The European Union infers that the tyres that are under-inflated today are in charge of more than 20 million litres of superfluously consumed fuel, dumping more than 2 million tons of CO2 into the climate. Also, 200 million tyres are being rashly squandered worldwide since they can’t complete their recommended life-span due to inappropriate inflation as discussed above.
With the help of TPMS, we can minimize the extra dumping of CO2 and scrap tyres into the environment.
How to install a TPMS framework on your vehicle?
Following are the steps of installing the TPMS framework on your vehicle:
- Ensure the vehicle is fit as a fiddle to drive
- Make sure everything looks in great shape such as tyre, steering and suspension framework
- If your vehicle is 2007 or later model, proceed to look at your proprietors manual to see if your vehicle is already outfitted with TPMS or not
- You now need to buy any reliable tyre pressure monitoring kit from an online tyre shop or any other e-commerce websites. This kit will cost you on average around $50 to 80$. The kit generally contains following of the components:
- Hex nut x 4
- Hex wrench
- Opener tool
- Rubber o-ring x4
- Tyre pressure monitor screen
- Tyre pressure sensor x 4
- User manual
A word of advice, be gentle with the components.
- You do not need any other special tools for this installation neither should you use any other tools since the components are fragile and specially manufactured
- You can install a TPMS on your vehicle even if your vehicle is already outfitted with one. You can simply install TPMS on tyre that has a valve stem from where you inflate your tyre
- Begin by plugging the tyre pressure monitor screen into the cigarette lighter
- In case your tyre pressure monitor does not power up you might need to put the key into the ignition
- Check tyre pressure for all of the four tyres using a precise tyre gauge and inflate or deflate the tyre if needed. This is important because post installment of tyre pressure sensors you want to be sure that they are working fine and how accurate they are. Note down the tyre pressure of all four tyres.
- It’s time to install all of four tyre pressure sensors on all four tyres one by one. we will show the procedure for only one tyre since the procedure is the same for all of the tyres.
- Firstly, install one of the four rubber o-ring on the tyre valve. This rubber o-ring will prevent dust, water and external debris to come in contact with the tyre pressure sensor
- Secondly, loosely install the hex nut onto the tyre valve. This nut actually act as a security measure against the possible theft
- Thirdly and most importantly find the right tyre pressure sensor for the respective tyre by looking for the label on the sensor. Labelling on the sensor corresponds to the respective tyre as follows:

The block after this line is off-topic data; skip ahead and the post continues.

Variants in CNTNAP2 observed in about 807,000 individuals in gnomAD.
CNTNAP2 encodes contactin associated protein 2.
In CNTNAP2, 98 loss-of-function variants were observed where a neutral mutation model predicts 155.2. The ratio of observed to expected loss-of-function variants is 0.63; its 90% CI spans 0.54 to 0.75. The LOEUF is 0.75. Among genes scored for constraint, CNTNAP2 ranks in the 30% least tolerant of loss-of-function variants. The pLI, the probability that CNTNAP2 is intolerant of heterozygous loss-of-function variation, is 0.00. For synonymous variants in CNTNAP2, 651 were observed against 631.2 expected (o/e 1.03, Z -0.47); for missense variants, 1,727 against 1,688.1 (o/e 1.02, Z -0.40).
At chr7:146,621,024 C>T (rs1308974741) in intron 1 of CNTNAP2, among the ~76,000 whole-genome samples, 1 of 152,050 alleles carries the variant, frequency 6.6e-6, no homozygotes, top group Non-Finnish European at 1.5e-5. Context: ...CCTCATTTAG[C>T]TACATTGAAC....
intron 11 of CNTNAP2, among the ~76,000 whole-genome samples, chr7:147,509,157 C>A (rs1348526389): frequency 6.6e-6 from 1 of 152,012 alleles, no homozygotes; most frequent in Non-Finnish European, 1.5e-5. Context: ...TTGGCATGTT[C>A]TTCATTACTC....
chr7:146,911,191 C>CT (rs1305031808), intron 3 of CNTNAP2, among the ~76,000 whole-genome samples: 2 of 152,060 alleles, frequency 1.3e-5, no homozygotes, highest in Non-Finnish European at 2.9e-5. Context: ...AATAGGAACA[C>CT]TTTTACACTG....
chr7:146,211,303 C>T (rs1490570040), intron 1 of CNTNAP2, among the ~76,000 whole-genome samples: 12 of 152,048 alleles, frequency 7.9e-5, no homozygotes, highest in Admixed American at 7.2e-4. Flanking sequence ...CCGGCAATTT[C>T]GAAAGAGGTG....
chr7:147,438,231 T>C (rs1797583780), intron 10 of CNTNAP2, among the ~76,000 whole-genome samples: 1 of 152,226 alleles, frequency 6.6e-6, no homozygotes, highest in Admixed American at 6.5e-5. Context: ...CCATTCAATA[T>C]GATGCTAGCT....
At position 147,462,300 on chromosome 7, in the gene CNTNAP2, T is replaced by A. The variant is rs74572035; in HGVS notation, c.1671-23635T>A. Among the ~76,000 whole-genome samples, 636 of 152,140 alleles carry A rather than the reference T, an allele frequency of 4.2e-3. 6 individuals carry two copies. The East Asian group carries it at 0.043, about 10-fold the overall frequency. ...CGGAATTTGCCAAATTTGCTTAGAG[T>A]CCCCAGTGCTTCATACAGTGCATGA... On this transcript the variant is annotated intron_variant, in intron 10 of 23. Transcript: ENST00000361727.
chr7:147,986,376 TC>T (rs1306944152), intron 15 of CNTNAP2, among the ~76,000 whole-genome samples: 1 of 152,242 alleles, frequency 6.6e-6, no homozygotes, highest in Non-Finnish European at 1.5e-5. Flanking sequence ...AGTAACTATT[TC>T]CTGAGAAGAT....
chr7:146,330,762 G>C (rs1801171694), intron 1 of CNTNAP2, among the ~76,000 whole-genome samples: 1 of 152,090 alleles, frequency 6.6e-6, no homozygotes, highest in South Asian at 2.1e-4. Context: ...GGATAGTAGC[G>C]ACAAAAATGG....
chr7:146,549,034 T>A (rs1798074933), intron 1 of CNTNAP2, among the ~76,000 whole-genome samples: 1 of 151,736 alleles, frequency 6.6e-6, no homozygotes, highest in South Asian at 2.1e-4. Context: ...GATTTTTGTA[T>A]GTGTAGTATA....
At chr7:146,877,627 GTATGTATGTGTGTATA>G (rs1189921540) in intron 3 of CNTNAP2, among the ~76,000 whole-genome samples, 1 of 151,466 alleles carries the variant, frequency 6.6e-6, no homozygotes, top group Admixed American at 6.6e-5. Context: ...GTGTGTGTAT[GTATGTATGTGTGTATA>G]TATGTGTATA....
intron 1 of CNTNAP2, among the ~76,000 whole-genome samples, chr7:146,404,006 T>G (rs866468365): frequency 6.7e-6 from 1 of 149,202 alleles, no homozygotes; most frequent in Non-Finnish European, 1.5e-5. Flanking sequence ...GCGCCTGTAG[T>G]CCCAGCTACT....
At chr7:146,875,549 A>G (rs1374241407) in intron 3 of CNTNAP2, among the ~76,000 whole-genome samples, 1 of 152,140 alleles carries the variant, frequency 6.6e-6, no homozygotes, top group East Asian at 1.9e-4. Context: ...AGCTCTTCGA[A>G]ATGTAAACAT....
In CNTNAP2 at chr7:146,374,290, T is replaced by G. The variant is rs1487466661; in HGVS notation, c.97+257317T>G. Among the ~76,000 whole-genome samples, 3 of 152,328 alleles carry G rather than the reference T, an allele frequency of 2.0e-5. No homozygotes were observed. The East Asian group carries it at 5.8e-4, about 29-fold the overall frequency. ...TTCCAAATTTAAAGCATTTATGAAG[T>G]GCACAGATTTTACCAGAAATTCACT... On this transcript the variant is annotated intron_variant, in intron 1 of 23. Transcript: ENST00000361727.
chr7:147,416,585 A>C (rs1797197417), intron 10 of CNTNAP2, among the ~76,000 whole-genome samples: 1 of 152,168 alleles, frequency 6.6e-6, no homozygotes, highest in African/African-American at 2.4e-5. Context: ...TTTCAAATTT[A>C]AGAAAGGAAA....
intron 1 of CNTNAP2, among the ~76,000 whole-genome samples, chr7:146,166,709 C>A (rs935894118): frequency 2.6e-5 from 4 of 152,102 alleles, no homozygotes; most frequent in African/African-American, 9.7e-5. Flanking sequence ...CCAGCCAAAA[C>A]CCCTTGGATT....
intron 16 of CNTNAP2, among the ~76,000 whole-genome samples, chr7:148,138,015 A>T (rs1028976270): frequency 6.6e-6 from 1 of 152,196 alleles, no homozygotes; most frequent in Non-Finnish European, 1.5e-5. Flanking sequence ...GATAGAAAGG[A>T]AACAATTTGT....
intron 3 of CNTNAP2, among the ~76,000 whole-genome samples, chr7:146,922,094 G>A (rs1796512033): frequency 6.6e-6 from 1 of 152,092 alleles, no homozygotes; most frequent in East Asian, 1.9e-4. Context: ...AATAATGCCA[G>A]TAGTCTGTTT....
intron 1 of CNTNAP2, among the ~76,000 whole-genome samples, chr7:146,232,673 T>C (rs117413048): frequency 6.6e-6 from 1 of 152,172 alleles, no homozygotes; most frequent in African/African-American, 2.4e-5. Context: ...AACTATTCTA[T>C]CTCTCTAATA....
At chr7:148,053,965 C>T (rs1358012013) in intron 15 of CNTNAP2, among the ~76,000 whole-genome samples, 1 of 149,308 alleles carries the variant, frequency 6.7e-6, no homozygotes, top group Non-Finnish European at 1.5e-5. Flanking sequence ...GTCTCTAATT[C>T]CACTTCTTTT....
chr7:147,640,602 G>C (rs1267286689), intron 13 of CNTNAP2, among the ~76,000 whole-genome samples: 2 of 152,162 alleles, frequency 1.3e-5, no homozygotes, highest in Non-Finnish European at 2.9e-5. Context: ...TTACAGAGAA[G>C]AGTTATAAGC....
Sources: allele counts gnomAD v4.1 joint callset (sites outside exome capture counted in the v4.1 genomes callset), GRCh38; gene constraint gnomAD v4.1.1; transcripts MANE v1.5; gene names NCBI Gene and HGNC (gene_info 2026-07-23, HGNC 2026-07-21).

- F .L – front left tyre
- F .R – front right tyre
- L –rear left tyre
- R –rear right tyre
Note: labeling might be different for different brands of TPMS
Since now you have identified the correct tyre pressure sensor for respective tyre, tighten the sensor onto the valve until it snugs and you do not hear leaking sound of air anymore
- Now by using a specially designed hex wrench tighten the nut to firmly secure the sensor in place
- It’s important to know that your sensor won’t come off in the future if you lost this hex wrench. So keep it in a safe place.
- Perform the same procedure for all of the remaining three tyres
- Check all of the secured tyre pressure sensors for a possible leak by spraying a solution of water and soup onto the sensor. Bubbles from the solution will indicate if there is a leak
- Lastly, move on to the tyre pressure monitor you priorly installed onto the cigarette plug to see if it shows the exact readings as per your noted ones (you priorly noted using a tyre gauge). This will let you know that all the sensors are working fine and how precise they are.
Hope this step-by-step guide will make things easy for you while installing a TPMS on to your vehicle.
Important key points and frequent queries regarding TPMS
Following are some of the important key points and the answers to commonly asked questions about TPMS.
- When TPMS warning light lamp goes off this implies the framework has identified at least one tyre with air pressure beneath 25%. In the case of the digital TPMS, you would know exactly which one is it.
- After TPMS warning light lamp goes off the driver ought to examine all four of his vehicles tyre and check the tyre pressure at the earliest opportunity.
- The TPMS warning light lamp ought to off after the tyres are appropriately inflated back again. However, if this does not happen to go for a short drive in your vehicle and this will do the trick for you.
- It is highly likely that in cold winter when your vehicle is at rest for a long period of time than your TPMS warning light lamp goes off. This is likely to happen when tyre pressure drops due to very cold temperatures, yet ascends to an adequate level as the tyres warms up when the vehicle is on the move.
- TPMS sensors transmits the following information:
- Special sensor id
- Tyre pressure
- Battery life
Note: transmission data might vary in terms of direct and indirect TPMS.
- A TPMS sensor can fail if the sensor is exposed to moisture and salt used on roads to melt ice. Also, TPMS might malfunction if the valve cap is missing. Galvanic corrosion can also impact the working of the TPMS.
- The average life of TPMS battery is 3 to 5 years, however, some high-end sensors have batteries that last up to 10 years. In terms of TPMS battery, it all depends upon your milage, on the off chance that a sensor transmits the tyre pressure like clockwork than the battery would not be able to keep up and drain much faster.
- TPMS isn’t something new. As per PitstopArabia about more than 200 million TPMS units are being trusted by drivers all around the world.
- TPMS uses ultra-high frequency to transmit data which is around 434 MHz
TPMS is a very useful tool not only in terms of the overall performance of the vehicle but also the safety of the driver, passengers, the tyre itself, and most importantly the environment.
Sometimes tyre pressure does not look terrible, yet the tyre pressure is half of what it ought to be. With the TPMS you’ll be a lot more secure out and about since you’ll know your tyre Tyre Pressure in real-time continuously.
Nowadays TPMS is not an option rather it is a compulsory component outfitted into the vehicles which is very good, however, utilizing the framework solemnly depends upon the driver and he must use it and keep his vehicle maintained instead of ignoring it.